Time travel is one of my favorite fictitious plot devices. The concept is practically the cheapest way of getting yourself out of a plot jam — “Oh crud, how does the hero get out of this predicament that I’ve written myself into? I’ve got it! He travels back in time and saves himself!” The tawdriness of it aside, I can thank one Mr. Herbert George Wells for introducing the literary device into the public consciousness. H.G. Wells wrote such prototypical novels as “War of the Worlds” and “The Time Machine.” Continue reading “Explaining 2018 to H.G. Wells”
Get Busy Livin’ or Get Busy Dyin’: Encouragement for People Who Want to Be Writers.
There are two theories of thought when it comes to answering the question “when can I consider myself a writer.” The first theory is that you become a writer when you feel so compelled to tell a story that you begin typing a narrative; the other theory is that you become a writer when you present your work for public consumption. Whether or not you get paid to be a writer is a different case entirely. The short answer is: you are a writer when you feel like you feel like a writer. Continue reading “Get Busy Livin’ or Get Busy Dyin’: Encouragement for People Who Want to Be Writers.”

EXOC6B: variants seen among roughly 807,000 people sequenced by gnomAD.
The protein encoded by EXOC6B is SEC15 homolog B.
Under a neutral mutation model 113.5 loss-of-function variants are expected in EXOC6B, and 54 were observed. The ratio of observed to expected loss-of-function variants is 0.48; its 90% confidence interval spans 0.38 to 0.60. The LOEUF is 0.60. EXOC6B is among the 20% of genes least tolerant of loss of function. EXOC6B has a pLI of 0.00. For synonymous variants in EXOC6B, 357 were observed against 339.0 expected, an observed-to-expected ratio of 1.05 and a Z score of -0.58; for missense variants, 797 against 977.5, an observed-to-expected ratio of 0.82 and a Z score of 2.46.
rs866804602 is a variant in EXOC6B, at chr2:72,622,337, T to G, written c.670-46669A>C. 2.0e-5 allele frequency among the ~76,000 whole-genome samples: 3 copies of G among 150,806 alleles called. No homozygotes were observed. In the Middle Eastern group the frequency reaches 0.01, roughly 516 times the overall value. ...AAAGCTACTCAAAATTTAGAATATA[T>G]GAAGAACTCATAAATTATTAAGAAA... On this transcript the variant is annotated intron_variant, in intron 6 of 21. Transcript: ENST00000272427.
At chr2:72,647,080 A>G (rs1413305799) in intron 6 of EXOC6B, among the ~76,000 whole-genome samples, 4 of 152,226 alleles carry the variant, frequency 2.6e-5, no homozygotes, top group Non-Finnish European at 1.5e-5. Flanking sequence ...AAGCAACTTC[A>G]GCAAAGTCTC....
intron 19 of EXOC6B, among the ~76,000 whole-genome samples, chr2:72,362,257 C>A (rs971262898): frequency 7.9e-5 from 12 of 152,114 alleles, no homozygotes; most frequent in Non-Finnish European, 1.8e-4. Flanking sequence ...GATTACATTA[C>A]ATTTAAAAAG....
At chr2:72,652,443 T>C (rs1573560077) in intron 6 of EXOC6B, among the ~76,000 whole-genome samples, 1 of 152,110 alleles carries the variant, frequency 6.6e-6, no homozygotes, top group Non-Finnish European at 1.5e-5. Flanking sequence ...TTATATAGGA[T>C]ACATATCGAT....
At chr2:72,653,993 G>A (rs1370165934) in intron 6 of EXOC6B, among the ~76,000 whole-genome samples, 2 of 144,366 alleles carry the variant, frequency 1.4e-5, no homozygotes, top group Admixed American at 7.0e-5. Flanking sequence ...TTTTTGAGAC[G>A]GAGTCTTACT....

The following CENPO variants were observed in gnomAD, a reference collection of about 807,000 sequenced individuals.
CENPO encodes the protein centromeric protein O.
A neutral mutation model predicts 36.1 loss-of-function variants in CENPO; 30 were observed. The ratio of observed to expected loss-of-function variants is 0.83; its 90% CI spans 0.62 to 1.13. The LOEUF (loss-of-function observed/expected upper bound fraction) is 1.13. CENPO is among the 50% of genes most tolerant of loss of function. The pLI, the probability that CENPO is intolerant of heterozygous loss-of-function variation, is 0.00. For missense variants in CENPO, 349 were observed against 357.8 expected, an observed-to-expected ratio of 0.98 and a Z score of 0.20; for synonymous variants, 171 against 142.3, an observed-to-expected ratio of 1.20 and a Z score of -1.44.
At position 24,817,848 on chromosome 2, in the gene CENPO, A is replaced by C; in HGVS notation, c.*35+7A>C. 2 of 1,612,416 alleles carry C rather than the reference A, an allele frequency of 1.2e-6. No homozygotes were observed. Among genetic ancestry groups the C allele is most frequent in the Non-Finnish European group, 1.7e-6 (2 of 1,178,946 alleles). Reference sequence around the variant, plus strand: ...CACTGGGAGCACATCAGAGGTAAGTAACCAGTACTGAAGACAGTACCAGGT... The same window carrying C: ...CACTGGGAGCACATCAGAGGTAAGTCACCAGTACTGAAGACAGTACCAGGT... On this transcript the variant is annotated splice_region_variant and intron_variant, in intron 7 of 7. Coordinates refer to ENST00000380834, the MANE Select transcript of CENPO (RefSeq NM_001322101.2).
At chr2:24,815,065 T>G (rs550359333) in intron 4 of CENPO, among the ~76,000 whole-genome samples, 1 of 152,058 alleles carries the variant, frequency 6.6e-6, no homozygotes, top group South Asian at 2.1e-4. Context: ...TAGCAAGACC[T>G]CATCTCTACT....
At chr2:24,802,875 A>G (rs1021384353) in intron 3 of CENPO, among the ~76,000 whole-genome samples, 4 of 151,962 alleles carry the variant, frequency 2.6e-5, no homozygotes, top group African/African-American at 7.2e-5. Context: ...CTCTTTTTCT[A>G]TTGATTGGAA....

Ask An Author with A.P. Miller (Volume 1)
While I’m waiting for my novels to become New York Times Best Sellers, I’ve decided to broaden my horizons and skill sets by starting an advice column. Truly, someone who writes fiction and wields sarcasm the way a medieval knight would wield a sword to slay a dragon should be your number one choice for advice dispensary. Continue reading “Ask An Author with A.P. Miller (Volume 1)”